Norway has donated a sum of N3.6bn to girls and women who have been
victims of Boko Haram in northeast states.
Doune Porter, United Nation’s Children Fund Chief of Communication disclosed this in a statement on Saturday.
Porter said the benefitting states included Borno, Yobe, Adamawa and Gombe.
She said UNICEF wanted to provide a conducive learning environment for children in the region.
“This fund would further boost access to education for an additional half a million boys and girls in internally displaced persons’ camps, host communities and areas of Borno that have become accessible to humanitarian assistance.’’
She quoted Jens-Petter Kjemprud, Norwegian Ambassador to Nigeria as saying, “We believe in the importance of doing what we can to break the cycle of violence in northeast Nigeria.
“This funding will provide more children complete basic education in a good learning environment and will provide much-needed counselling for girls who have suffered unimaginable trauma in the hands of Boko Haram,” Kjemprud said.
Norwegian Foreign Minister, Børge Brende said the funding will also support approximately 1,600 of the thousands of girls and women that have been raped or forcibly married.
“The funding will also support approximately 1,600 of the thousands of girls and women that UNICEF estimates have been raped, abducted and forcibly married as a result of the conflict.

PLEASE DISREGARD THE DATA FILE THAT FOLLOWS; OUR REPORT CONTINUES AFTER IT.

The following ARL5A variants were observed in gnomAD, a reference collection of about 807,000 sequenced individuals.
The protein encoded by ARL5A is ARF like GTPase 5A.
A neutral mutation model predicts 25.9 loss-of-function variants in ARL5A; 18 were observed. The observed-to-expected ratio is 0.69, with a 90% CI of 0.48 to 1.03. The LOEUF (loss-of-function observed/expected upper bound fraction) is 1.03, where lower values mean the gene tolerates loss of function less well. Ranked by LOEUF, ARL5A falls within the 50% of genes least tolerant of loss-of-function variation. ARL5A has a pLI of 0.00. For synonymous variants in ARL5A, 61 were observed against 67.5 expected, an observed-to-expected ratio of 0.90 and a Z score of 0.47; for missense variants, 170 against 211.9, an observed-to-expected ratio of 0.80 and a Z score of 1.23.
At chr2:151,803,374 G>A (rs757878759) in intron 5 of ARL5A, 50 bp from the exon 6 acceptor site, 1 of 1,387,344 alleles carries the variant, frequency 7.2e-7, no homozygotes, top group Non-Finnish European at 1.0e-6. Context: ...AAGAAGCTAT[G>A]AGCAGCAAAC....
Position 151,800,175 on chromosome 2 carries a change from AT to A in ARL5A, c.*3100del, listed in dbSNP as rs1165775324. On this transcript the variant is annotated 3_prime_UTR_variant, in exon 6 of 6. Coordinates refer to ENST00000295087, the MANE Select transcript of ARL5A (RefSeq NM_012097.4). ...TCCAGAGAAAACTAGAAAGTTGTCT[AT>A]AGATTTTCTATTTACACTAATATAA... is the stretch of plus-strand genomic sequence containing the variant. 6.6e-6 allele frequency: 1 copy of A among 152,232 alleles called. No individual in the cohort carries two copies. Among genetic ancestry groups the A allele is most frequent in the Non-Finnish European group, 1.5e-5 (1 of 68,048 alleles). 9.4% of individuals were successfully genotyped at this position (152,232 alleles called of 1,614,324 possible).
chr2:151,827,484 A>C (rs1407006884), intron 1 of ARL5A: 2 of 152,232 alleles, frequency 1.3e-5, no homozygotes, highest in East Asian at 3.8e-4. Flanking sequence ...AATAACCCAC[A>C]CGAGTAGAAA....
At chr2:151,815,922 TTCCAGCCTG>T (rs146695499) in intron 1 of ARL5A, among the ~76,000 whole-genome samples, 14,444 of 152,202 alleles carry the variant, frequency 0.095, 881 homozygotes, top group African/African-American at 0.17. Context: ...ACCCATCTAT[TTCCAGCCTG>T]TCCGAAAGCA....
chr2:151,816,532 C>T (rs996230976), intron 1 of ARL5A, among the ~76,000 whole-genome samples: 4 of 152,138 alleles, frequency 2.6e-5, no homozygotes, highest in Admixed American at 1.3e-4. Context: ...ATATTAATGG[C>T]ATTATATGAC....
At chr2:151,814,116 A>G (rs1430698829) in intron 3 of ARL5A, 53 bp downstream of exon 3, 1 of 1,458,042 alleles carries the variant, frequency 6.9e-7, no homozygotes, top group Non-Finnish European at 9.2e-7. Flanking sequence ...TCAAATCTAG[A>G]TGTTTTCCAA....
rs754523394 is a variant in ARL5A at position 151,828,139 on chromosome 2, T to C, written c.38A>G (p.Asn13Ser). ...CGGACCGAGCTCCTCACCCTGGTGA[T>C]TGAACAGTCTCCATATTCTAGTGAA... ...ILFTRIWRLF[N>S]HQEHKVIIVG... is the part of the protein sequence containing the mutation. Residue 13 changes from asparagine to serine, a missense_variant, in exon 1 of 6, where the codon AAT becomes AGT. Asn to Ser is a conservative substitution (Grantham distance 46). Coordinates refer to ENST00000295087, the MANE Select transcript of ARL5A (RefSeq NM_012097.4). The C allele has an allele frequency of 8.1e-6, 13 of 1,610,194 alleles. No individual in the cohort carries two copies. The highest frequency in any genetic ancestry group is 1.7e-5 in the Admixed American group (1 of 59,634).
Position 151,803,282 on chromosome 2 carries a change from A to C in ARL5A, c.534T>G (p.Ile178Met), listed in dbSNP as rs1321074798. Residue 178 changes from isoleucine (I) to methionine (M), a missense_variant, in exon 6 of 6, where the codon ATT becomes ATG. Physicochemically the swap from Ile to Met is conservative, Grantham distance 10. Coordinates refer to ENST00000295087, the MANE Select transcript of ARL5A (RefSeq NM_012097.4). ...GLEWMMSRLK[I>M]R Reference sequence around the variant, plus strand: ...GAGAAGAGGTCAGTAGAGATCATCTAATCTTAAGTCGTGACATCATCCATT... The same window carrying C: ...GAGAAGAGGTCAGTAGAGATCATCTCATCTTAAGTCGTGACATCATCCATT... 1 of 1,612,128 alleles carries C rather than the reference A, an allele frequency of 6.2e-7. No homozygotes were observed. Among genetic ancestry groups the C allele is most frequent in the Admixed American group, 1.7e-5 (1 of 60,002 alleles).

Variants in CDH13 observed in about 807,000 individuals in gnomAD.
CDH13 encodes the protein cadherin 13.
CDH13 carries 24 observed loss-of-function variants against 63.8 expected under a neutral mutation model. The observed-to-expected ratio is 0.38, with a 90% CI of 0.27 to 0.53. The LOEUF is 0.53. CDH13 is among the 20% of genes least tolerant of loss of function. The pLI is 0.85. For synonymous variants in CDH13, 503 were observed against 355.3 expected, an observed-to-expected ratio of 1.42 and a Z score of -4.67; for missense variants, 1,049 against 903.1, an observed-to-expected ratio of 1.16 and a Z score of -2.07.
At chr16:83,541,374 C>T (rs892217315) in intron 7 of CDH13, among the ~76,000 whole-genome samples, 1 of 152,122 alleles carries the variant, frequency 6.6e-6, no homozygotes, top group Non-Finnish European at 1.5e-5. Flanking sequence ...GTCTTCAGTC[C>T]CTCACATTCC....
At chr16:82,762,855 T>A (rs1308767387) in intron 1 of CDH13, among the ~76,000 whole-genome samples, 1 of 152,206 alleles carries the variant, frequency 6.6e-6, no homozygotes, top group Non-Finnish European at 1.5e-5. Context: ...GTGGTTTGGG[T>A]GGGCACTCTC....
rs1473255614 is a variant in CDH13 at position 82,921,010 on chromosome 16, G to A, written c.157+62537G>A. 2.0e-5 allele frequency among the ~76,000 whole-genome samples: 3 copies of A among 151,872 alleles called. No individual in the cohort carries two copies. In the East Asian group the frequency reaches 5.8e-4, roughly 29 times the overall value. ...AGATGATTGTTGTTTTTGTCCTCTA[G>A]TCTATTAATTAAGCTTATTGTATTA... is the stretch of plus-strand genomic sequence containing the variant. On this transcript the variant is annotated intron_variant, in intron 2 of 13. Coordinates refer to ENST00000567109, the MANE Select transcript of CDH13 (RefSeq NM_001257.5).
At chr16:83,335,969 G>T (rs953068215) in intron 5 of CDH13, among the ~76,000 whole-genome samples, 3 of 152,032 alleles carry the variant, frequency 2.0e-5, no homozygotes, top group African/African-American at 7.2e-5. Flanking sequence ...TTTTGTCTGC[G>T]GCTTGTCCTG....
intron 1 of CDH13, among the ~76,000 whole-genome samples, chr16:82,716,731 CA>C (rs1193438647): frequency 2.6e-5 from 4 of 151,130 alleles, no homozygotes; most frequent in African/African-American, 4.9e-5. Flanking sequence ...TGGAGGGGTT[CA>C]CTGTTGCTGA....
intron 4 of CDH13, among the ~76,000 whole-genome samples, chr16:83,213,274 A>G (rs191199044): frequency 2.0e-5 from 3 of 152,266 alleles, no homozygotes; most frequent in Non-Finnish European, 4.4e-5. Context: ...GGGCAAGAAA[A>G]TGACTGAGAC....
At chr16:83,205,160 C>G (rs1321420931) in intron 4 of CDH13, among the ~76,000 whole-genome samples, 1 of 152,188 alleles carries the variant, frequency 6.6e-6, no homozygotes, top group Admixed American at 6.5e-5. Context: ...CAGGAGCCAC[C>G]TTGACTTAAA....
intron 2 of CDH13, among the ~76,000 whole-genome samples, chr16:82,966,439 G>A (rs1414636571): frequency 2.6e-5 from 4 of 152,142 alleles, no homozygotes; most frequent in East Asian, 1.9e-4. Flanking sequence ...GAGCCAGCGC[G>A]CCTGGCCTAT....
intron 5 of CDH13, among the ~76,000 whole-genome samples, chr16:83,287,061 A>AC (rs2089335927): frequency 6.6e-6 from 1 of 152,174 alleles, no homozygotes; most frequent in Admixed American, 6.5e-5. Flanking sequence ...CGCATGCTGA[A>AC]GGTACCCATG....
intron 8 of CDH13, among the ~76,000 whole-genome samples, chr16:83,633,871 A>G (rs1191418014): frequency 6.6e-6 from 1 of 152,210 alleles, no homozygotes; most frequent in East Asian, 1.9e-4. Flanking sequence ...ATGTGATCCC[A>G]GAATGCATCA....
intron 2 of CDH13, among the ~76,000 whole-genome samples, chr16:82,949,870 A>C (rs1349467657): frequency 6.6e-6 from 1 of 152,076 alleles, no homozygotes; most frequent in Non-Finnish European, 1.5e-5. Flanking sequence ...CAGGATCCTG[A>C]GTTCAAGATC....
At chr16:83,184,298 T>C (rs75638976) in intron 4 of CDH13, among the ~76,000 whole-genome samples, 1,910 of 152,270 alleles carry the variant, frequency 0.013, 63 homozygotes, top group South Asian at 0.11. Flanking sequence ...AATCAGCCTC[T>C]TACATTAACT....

“Not only have these victims of violence suffered the trauma of their experiences when they were held by Boko Haram,
“But when they have managed to escape or have been liberated, they often face rejection by their communities and families.
“Instead of the escaped victims of violence being welcomed back, they frequently face stigma, discrimination, and in some cases violence, especially when they return pregnant or with children born out of that sexual violence.
“In addition to traditional stigma associated with sexual violence, many communities are afraid that girls and women who have been held by Boko Haram may have been indoctrinated by their captors.
“Part of the Norwegian funds will be used in Borno to help these women and girls to reintegrate with their families and communities and rebuild their lives.
“The funding will also help to empower these women and girls to engage in the community peace building process,” he said in a statement.